Re: [Wikimedia-l] [Wikitech-l] [Wmfall] New Developers Quarterly Report's first edition

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Re: [Wikimedia-l] [Wikitech-l] [Wmfall] New Developers Quarterly Report's first edition

On 18 October 2017 at 12:12, Brian Wolff <[hidden email]> wrote:

> On Tue, Oct 17, 2017 at 7:03 PM, Srishti Sethi <[hidden email]> wrote:
>> Hello everyone,
>> I would like to share the first edition of the New Developers Quarterly
>> Report that the Developer Relations team has produced. This report covers
>> metrics, survey analysis and lessons learned from new developers focused
>> activities in the previous quarter (July-September 2017).
>> If you have questions and feedback that you would like to share with us,
>> please add them on the discussion page.
>> To receive a notification when a new report is published, subscribe here.
>> We plan to release a report every quarter and take action items identified
>> from the key findings for improving our existing methods and processes. The
>> next release will be in January 2018.
>> If you have any questions, comments, and concerns, we will be more than
>> happy to hear them!
>> Thanks,
>> Srishti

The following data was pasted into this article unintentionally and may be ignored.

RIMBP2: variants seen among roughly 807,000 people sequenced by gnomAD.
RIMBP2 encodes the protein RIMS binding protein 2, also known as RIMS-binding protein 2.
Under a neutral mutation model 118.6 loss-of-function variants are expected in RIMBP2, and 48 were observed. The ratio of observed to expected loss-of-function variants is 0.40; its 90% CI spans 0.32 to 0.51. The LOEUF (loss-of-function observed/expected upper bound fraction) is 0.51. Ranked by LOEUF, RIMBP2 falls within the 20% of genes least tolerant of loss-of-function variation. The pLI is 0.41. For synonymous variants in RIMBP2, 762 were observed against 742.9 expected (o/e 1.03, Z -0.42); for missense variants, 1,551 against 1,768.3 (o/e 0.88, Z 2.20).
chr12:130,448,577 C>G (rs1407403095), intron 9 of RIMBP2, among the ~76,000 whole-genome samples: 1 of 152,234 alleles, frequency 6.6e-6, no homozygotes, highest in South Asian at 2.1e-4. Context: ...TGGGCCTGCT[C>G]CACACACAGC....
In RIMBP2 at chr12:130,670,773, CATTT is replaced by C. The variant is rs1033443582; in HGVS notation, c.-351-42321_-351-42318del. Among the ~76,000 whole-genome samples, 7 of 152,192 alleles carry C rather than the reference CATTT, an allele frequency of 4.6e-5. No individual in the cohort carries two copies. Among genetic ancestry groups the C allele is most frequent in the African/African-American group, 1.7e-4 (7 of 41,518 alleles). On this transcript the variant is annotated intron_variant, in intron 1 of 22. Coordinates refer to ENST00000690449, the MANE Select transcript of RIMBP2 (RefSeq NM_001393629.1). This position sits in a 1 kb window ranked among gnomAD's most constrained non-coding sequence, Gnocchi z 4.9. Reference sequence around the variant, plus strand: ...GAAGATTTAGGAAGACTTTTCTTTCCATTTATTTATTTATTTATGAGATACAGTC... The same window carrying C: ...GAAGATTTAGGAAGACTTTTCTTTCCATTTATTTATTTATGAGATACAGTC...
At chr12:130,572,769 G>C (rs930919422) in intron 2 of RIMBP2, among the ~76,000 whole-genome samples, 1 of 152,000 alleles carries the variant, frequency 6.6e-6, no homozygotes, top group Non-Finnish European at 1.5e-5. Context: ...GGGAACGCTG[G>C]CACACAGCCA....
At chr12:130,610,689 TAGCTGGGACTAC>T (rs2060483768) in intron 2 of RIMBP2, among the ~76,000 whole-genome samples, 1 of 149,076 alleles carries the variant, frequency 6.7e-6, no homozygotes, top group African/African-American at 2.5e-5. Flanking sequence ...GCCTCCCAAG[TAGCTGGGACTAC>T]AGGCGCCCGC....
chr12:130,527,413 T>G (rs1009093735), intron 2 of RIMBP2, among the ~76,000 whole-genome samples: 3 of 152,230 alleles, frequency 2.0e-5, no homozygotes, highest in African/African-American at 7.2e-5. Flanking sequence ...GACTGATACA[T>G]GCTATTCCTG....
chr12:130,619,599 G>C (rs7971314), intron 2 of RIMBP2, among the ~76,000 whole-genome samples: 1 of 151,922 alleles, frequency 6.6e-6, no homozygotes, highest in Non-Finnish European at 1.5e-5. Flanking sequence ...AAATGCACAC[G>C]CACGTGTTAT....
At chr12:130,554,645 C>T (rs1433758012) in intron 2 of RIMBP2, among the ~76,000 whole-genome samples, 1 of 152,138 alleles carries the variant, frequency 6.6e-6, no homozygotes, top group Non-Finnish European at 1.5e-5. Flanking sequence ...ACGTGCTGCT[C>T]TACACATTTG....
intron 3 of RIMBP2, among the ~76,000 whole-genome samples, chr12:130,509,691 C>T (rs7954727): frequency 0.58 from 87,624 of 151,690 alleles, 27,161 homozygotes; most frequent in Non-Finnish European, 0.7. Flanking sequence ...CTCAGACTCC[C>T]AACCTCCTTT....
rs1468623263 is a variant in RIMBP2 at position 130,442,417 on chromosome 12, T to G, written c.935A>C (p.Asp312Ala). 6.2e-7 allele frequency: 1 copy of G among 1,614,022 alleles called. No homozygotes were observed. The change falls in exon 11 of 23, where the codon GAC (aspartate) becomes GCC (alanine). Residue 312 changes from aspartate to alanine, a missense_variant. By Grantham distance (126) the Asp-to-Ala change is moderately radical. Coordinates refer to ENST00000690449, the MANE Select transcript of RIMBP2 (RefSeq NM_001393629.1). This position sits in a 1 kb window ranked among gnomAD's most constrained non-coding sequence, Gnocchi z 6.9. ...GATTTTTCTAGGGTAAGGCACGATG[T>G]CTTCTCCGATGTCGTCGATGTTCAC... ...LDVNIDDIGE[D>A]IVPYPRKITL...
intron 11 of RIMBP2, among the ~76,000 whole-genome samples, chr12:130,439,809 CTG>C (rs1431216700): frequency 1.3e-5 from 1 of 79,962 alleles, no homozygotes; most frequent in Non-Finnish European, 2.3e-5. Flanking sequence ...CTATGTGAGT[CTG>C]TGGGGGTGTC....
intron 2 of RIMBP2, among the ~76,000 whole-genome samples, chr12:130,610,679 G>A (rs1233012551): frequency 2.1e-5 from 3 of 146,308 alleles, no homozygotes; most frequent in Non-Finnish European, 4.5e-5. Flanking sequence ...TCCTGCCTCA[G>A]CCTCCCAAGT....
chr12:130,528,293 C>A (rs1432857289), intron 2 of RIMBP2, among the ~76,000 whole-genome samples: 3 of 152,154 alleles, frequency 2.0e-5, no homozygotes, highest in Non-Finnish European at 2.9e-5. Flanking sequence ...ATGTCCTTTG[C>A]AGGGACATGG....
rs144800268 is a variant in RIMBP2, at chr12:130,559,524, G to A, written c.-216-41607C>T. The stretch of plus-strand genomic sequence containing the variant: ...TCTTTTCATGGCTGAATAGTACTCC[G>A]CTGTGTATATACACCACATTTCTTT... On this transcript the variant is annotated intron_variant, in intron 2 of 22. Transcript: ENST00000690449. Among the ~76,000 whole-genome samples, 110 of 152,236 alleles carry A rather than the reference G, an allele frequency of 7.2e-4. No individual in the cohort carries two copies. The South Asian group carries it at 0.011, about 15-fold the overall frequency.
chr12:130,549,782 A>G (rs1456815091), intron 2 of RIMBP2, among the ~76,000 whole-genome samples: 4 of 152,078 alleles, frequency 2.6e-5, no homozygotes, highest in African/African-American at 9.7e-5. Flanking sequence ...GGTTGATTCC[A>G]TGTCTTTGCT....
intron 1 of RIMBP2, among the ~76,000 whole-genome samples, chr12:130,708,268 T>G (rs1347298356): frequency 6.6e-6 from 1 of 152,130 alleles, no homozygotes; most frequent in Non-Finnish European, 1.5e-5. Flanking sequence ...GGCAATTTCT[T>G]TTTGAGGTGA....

> From the report:
>>Percentage of volunteers active one year (± 3 months) after their first contribution, out of all new volunteers attracted one year ago (between April–June >2016). (Source: Calculation on data)
>>QoQ: -26.5%. YoY: -60.0%
> That's kind of scary....
> --
> bawolff

Does the minus symbol in "-60.0%" mean anything? Being a retention
percentage, I do not understand how it can be negative unless
potential volunteers are getting rejected at the door before they can
sign-up. Could that be corrected?

Weak figures are unsurprising, at least when compared to other
percentages in the Wikiverse, like truly miniscule levels of new
editor retention that have been measured from investing in
edit-a-thons. However the first statement in the report of "we are
attracting around 54 developers per quarter and retaining 8% of them",
i.e. 4/54, feels low enough to have a review of whether the events to
attract developers are worth doing in their current formats. The
return on investment in terms of volunteer time and basic expenses,
must make them "non-successes".

P.S. while on the perennial issue of jargon, could we avoid
"noticings"? It's a neologism nobody ever needed, though I appreciated
the use of "taken with a grain of salt".

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